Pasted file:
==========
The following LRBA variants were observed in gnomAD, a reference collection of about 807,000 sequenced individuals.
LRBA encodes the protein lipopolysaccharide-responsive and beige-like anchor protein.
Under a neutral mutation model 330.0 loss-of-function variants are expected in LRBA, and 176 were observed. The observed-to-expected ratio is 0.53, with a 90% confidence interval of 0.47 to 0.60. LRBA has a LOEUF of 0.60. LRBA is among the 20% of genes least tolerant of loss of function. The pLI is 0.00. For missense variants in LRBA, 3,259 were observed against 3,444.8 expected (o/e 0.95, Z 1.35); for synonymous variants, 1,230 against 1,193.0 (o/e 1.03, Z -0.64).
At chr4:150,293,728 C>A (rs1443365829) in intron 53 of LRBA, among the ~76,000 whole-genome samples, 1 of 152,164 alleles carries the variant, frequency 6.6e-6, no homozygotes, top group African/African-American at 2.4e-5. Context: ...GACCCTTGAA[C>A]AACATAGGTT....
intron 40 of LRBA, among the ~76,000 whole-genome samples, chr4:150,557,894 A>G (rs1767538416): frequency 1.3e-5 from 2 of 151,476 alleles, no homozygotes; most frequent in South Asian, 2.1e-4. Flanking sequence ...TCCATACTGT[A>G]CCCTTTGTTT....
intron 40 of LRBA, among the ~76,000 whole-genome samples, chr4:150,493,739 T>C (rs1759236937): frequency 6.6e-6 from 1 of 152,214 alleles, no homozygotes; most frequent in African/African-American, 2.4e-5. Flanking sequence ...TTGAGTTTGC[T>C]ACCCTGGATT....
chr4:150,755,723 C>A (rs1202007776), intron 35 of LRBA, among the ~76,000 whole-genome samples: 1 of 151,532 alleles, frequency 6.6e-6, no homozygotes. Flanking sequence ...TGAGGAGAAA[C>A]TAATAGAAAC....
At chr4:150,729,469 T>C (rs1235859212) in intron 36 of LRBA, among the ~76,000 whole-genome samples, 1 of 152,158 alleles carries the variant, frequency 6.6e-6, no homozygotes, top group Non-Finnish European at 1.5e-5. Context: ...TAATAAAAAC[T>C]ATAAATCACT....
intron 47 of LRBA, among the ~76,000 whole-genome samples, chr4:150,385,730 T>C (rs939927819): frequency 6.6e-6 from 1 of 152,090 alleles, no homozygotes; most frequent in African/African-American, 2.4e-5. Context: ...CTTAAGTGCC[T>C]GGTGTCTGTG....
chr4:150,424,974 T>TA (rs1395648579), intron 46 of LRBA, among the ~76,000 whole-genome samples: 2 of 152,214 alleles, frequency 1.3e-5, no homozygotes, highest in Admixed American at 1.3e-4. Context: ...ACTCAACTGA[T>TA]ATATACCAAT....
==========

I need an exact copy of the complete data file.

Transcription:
The following LRBA variants were observed in gnomAD, a reference collection of about 807,000 sequenced individuals.
LRBA encodes the protein lipopolysaccharide-responsive and beige-like anchor protein.
Under a neutral mutation model 330.0 loss-of-function variants are expected in LRBA, and 176 were observed. The observed-to-expected ratio is 0.53, with a 90% confidence interval of 0.47 to 0.60. LRBA has a LOEUF of 0.60. LRBA is among the 20% of genes least tolerant of loss of function. The pLI is 0.00. For missense variants in LRBA, 3,259 were observed against 3,444.8 expected (o/e 0.95, Z 1.35); for synonymous variants, 1,230 against 1,193.0 (o/e 1.03, Z -0.64).
At chr4:150,293,728 C>A (rs1443365829) in intron 53 of LRBA, among the ~76,000 whole-genome samples, 1 of 152,164 alleles carries the variant, frequency 6.6e-6, no homozygotes, top group African/African-American at 2.4e-5. Context: ...GACCCTTGAA[C>A]AACATAGGTT....
intron 40 of LRBA, among the ~76,000 whole-genome samples, chr4:150,557,894 A>G (rs1767538416): frequency 1.3e-5 from 2 of 151,476 alleles, no homozygotes; most frequent in South Asian, 2.1e-4. Flanking sequence ...TCCATACTGT[A>G]CCCTTTGTTT....
intron 40 of LRBA, among the ~76,000 whole-genome samples, chr4:150,493,739 T>C (rs1759236937): frequency 6.6e-6 from 1 of 152,214 alleles, no homozygotes; most frequent in African/African-American, 2.4e-5. Flanking sequence ...TTGAGTTTGC[T>C]ACCCTGGATT....
chr4:150,755,723 C>A (rs1202007776), intron 35 of LRBA, among the ~76,000 whole-genome samples: 1 of 151,532 alleles, frequency 6.6e-6, no homozygotes. Flanking sequence ...TGAGGAGAAA[C>A]TAATAGAAAC....
At chr4:150,729,469 T>C (rs1235859212) in intron 36 of LRBA, among the ~76,000 whole-genome samples, 1 of 152,158 alleles carries the variant, frequency 6.6e-6, no homozygotes, top group Non-Finnish European at 1.5e-5. Context: ...TAATAAAAAC[T>C]ATAAATCACT....
intron 47 of LRBA, among the ~76,000 whole-genome samples, chr4:150,385,730 T>C (rs939927819): frequency 6.6e-6 from 1 of 152,090 alleles, no homozygotes; most frequent in African/African-American, 2.4e-5. Context: ...CTTAAGTGCC[T>C]GGTGTCTGTG....
chr4:150,424,974 T>TA (rs1395648579), intron 46 of LRBA, among the ~76,000 whole-genome samples: 2 of 152,214 alleles, frequency 1.3e-5, no homozygotes, highest in Admixed American at 1.3e-4. Context: ...ACTCAACTGA[T>TA]ATATACCAAT....